Why does the better thinking prevail? That's where the market economy comes in. A managed economy, like the authoritarian way of thinking, does not offer any choices. You take the product at the offered price or do without. In a marketplace you can pick and choose between the various offerings and prices. This has the interesting effect that the higher-priced products tend to disappear: buyers choose their competitors, and the high-priced vendors either bring their prices into line with the competition or go out of business. There is also the possibility of offering more value for the higher price, so the quality tends to rise to the minimum level that most people no longer care for more, but then any additional quality improvements become uneconomic and are driven from the market.
This works with ideas, too. The really goofy ideas (like tinfoil hats) are seen to confer so little benefit that they are effectively priced out of the market. Going to Mexico for alternative-medicine cancer cures is an acceptable option only for those wealthy enough to afford the travel and the shysters in that business -- and the failure is readily blamed on the late start while still undergoing conventional treatment. Conspiracy theories like the JFK assasination story and more recently the 9/11 hoax don't cost their followers much, and they are actually rather fun -- especially if you happen to dislike the politics of the alleged perpetrators. Others, like the 861 tax protest, can be more costly: 861's leader and most vocal supporter, Larken Rose, went to jail for tax fraud. But by and large the common sense of the public wins out.
A totalitarian society like Hitler's Germany controls the press, so this marketplace of ideas is not there and does not work. You don't get the goofy tinfoil hat notions, but there is also opportunity for actual cover-ups like the German death camps. However, with free-market mass media and especially now the internet, these totalitarian cultures are disappearing. China, a notorious holdout, is losing its grip on the flow of information.
I am particularly interested in one idea that has been pretty much under totalitarian control for over a century. The Darwinists have managed to hold absolute control over the educational institutions and the mass media of this country for about a century now. Yet even at the height of their supremacy they never successfully controlled a majority of public opinion. Now we are seeing a strong movement out of the totalitarian public education institutions into private schools, and recently into homeschools. The cost of education is substantially higher in these alternatives, but the quality is demonstrably higher. The marketplace offers a significant advantage, which the teacher unions recognize and fear. Like China, all they can do is tighten their futile grip on the flow of information. The Darwinists know their product cannot survive in the free market of ideas.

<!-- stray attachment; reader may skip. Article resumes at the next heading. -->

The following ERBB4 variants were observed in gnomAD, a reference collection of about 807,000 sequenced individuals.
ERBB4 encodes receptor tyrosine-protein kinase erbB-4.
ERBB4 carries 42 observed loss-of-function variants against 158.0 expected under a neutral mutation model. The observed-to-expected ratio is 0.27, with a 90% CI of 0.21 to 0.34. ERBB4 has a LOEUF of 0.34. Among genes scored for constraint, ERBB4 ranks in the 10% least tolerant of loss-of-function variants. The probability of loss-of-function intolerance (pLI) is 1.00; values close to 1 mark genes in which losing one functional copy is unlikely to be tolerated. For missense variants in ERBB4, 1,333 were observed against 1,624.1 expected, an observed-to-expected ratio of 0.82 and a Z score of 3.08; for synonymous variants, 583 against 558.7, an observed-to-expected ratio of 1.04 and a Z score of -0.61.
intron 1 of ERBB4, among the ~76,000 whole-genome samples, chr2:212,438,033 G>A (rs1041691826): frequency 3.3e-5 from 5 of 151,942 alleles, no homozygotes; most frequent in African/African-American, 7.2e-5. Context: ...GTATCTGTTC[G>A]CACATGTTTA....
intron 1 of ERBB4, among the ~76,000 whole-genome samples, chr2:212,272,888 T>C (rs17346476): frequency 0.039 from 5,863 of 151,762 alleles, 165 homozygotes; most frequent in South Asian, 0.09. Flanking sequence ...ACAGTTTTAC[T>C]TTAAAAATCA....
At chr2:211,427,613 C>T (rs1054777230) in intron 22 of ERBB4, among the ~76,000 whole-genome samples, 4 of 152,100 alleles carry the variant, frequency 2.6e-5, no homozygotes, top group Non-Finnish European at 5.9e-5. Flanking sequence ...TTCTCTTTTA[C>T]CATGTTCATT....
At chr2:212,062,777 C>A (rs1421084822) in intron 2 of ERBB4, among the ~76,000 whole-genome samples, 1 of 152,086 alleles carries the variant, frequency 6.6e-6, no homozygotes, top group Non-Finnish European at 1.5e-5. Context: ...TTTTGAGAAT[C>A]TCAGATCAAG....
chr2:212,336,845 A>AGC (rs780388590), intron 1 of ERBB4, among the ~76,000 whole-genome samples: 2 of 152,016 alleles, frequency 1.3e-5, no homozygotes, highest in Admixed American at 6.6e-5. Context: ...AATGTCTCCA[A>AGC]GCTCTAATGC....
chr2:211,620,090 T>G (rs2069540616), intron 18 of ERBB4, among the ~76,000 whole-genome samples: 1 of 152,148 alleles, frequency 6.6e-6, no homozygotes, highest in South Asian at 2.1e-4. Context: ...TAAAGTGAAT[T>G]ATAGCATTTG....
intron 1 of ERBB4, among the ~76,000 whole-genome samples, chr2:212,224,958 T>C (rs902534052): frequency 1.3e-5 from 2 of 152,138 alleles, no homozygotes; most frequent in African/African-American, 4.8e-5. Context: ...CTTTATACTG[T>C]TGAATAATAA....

I would like to see market economics have the same effect on Biblical Christianity, but the marketplace is not sufficiently open to make that happen, at least not in my lifetime. I must be satisfied with the amazing success of Christianity (in various forms in the different locales) toppling the Soviet hegemony, and with an overly charismatic form of it making the Roman Catholic church in Latin America clean up their act. American missionaries are not welcome in many restricted access nations (the so-called "10/40 window") but Korea and Japan and even Chinese churches are now filling in the gap. People have a choice, and they are choosing the Truth.
2007 July 10